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Old 07-18-2014, 12:46 AM   #11
day_trippr
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A bare manifold (no shut-off valves) would provide essentially zero restriction. Supposedly, anti-backflow check-valves often found integrated into gas shut-off valves on manifolds induce up to 1/2 psi of restriction. I have no way of measuring something that small in either of my gas systems, so I basically ignore it...

Cheers!

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Old 08-10-2014, 08:38 PM   #12
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Wow. I have been too busy to deal with this, but I have finally made some headway on this project. Of course I have questions!

Got the fridge cleaned and it works!
Have been cleaning the kegs.
Got line to replace the gunky line.

Found out my LHBS does tank exchange for 5lb and 20lb tanks. I have a 15lb. Looks like I am going to have to get it tested and filled.

It does have some gas in it. However it appears that the tank side regulator gauge has taken a hit and does not work, it is bottomed out in the red and there is a dent on the side of the gauge. The low side registers pressure, but I do not know how accurate it is.

What sayeth the wise ones here? Should I replace the gauge? Is there a way to test the accuracy of the line pressure gauge? Should I just bit the bullet and buy a new regulator and gauges?

I am not super worried about the high side gauge anyway as my understanding is they are not much use.

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Old 08-10-2014, 09:39 PM   #13
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A high pressure CO2 gauge will cost you around $10-15 delivered. I think they're worth it because of this chart.



So while a damaged high side gauge wouldn't keep me from operating either of my CO2 systems, I'd replace the gauge eventually.

As for the low pressure gauge, if there's no evident damage to it, unless you have alternate means of verifying the pressure, go on faith until you have reason to be suspicious...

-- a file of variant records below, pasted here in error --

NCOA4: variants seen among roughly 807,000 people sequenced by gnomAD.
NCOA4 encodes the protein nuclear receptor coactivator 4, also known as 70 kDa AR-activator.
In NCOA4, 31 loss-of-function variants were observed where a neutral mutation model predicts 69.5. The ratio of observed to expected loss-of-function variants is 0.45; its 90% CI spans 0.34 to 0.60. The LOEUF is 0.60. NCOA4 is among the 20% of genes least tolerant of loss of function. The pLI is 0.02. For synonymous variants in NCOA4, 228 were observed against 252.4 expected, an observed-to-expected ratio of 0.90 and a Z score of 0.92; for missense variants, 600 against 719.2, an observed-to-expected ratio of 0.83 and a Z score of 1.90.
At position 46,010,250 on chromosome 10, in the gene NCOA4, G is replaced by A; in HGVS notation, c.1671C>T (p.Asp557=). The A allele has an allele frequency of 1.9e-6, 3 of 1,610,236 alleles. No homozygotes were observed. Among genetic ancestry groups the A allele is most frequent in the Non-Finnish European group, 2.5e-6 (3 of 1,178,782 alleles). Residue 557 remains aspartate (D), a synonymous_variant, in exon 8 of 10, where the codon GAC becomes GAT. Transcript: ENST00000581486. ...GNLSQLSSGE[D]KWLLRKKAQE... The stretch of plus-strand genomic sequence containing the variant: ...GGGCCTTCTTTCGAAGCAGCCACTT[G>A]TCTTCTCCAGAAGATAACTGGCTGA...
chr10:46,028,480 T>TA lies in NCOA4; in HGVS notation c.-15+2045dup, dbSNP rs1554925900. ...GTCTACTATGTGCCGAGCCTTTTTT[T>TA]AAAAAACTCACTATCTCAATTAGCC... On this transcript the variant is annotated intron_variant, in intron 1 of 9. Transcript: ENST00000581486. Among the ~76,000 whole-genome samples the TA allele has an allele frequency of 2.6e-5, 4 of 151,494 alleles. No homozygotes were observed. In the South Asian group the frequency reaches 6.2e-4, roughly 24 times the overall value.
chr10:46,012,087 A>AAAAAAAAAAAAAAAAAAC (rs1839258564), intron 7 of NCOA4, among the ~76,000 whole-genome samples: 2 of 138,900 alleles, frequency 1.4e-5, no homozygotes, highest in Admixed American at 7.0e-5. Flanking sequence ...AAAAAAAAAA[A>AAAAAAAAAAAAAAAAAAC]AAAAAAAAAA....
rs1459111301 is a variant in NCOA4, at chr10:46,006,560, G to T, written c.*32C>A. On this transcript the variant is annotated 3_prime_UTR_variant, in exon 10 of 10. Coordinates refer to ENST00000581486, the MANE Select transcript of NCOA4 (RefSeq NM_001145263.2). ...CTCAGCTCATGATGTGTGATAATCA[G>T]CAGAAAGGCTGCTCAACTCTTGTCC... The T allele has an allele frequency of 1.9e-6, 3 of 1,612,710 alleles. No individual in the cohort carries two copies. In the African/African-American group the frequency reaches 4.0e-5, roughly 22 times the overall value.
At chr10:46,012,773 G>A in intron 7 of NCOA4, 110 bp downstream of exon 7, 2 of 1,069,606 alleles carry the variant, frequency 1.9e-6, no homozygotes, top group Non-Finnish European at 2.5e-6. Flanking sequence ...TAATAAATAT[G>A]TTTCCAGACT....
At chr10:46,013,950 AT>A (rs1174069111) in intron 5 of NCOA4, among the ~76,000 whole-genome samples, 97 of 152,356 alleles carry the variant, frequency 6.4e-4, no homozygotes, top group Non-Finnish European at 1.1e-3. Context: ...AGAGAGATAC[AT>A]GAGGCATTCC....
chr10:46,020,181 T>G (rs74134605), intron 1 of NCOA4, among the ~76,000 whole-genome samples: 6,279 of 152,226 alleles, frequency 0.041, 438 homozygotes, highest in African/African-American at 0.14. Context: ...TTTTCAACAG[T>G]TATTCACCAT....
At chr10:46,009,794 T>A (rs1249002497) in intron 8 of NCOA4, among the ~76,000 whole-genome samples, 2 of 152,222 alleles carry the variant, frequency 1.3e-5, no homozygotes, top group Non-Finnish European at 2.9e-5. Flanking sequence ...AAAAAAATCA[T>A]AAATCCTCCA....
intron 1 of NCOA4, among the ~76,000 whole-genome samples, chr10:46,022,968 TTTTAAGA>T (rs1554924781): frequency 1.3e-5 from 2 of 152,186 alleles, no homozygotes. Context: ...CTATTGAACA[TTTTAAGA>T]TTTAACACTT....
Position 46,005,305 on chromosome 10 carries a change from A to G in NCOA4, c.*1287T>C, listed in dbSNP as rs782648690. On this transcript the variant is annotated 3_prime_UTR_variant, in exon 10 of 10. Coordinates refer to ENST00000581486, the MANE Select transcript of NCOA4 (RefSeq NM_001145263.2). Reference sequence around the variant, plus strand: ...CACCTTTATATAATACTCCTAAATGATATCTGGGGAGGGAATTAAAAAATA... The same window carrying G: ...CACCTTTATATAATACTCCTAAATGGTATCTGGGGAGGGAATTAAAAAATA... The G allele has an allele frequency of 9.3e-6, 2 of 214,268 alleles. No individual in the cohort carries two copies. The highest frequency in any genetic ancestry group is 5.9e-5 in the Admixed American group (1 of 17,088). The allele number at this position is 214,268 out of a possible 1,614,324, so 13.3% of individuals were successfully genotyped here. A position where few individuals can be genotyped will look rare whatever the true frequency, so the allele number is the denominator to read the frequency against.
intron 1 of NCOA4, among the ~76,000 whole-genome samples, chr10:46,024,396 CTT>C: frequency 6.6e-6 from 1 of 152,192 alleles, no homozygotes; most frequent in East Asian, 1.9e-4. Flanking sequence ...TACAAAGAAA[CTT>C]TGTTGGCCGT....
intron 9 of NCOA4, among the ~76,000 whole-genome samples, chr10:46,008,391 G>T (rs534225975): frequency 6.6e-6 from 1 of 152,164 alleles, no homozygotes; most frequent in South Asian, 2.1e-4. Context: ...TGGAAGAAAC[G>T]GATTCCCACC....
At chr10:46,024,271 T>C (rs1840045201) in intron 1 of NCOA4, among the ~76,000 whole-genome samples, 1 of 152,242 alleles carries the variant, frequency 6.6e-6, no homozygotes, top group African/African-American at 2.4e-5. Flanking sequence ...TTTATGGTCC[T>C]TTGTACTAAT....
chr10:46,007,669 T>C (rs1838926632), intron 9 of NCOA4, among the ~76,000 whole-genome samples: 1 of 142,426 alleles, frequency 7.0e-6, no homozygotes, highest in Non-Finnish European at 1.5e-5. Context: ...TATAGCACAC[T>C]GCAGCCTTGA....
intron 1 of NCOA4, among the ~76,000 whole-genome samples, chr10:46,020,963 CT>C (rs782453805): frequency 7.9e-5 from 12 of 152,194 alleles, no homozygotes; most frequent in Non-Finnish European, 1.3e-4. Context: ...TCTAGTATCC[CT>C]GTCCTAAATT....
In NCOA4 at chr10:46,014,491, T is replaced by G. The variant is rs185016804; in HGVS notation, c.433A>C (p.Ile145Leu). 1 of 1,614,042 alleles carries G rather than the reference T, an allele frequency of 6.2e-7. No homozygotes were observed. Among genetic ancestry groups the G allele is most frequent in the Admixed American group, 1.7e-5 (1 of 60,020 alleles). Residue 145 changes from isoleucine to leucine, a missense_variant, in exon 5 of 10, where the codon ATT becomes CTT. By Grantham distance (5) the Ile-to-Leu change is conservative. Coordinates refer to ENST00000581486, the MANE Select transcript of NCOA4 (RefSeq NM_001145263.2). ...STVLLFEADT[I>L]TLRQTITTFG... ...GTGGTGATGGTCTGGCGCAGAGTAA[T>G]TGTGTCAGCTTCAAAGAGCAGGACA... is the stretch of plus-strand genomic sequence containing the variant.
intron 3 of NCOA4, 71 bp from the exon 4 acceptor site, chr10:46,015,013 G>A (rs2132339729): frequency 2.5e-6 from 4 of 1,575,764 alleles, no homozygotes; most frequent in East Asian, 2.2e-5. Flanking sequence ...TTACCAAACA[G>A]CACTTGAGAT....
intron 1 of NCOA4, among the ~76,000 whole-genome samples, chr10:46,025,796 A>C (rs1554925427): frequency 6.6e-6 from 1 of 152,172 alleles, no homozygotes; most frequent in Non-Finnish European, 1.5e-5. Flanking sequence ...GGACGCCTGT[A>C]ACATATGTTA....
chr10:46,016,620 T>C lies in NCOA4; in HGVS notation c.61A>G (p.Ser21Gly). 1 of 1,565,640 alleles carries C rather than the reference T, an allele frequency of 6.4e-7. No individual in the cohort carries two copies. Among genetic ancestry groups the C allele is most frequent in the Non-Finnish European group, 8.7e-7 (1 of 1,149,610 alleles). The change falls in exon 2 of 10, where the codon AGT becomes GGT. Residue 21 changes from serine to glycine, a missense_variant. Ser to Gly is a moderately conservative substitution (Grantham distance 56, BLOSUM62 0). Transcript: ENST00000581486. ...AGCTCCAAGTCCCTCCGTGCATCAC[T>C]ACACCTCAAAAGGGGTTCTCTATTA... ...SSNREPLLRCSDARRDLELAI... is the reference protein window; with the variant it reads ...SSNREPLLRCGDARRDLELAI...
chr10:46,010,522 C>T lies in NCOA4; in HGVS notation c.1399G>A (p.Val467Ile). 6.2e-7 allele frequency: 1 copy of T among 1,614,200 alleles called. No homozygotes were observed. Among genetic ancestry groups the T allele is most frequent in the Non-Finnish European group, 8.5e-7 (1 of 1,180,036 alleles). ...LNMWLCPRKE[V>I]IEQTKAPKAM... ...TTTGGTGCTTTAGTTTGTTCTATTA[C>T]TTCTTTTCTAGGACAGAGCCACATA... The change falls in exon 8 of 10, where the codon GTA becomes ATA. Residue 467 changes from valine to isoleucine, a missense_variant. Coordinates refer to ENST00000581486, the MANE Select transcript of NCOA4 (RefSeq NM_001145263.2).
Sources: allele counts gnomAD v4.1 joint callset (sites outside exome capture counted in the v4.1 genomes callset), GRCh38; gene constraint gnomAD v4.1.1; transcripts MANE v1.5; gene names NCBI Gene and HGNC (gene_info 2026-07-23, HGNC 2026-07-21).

Cheers!

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Old 08-11-2014, 12:31 PM   #14
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Quote:
Originally Posted by day_trippr View Post
A high pressure CO2 gauge will cost you around $10-15 delivered. I think they're worth it because of this chart.



So while a damaged high side gauge wouldn't keep me from operating either of my CO2 systems, I'd replace the gauge eventually.

As for the low pressure gauge, if there's no evident damage to it, unless you have alternate means of verifying the pressure, go on faith until you have reason to be suspicious...

Cheers!
But what about all the stuff you read about how the high pressure gauge doesn't really tell you anything unless you have a really big tank? That it will register full until it is empty?

Why not just get a plug (brass fitting) and remove the high pressure gauge?
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Old 08-11-2014, 03:59 PM   #15
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Quote:
Originally Posted by ericbw View Post
But what about all the stuff you read about how the high pressure gauge doesn't really tell you anything unless you have a really big tank? That it will register full until it is empty?

Why not just get a plug (brass fitting) and remove the high pressure gauge?
That graphic explains all...just look at it for a minute...

Cheers!
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Old 08-11-2014, 06:18 PM   #16
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Quote:
Originally Posted by day_trippr View Post
That graphic explains all...just look at it for a minute...

Cheers!
I may not understand the graphic completely. at 40 degrees, the PSI will read 567 when it is 100% full? And when it is 40% full what does it read? 567?
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Old 08-11-2014, 07:16 PM   #17
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Quote:
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I may not understand the graphic completely. at 40 degrees, the PSI will read 567 when it is 100% full? And when it is 40% full what does it read? 567?
Yup. The high pressure gauge doesn't tell you how much CO2 is in the tank, but IMO it's still very useful to know that there's some CO2 in the tank. So if it were me I'd keep the gauge.
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Old 08-11-2014, 07:20 PM   #18
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Yes, you have that correct - which is important

The real points of interest, however, occur to the left. If you follow your 40°F curve you can continue to calculate the remaining % of fill by the high pressure reading, so that when the gauge hits 400psi the tank is down to the 10% fill level.

In my case, that "knee" in the chart tells me the tank's about ready to be swapped without needing to periodically remove the reg and weigh the tank. As my tanks are outside the keezer and carb fridge I use the actual room temperature and find the corresponding point on the chart...

Cheers!

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Old 08-13-2014, 02:00 AM   #19
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Thanks for the info!

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Old 08-13-2014, 02:35 AM   #20
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I don't use my high pressure gauges. When it's empty you know it. I do have a few 20 oz paint ball tanks. I'd really like a bigger tank and just use my 5 pounder as a backup.

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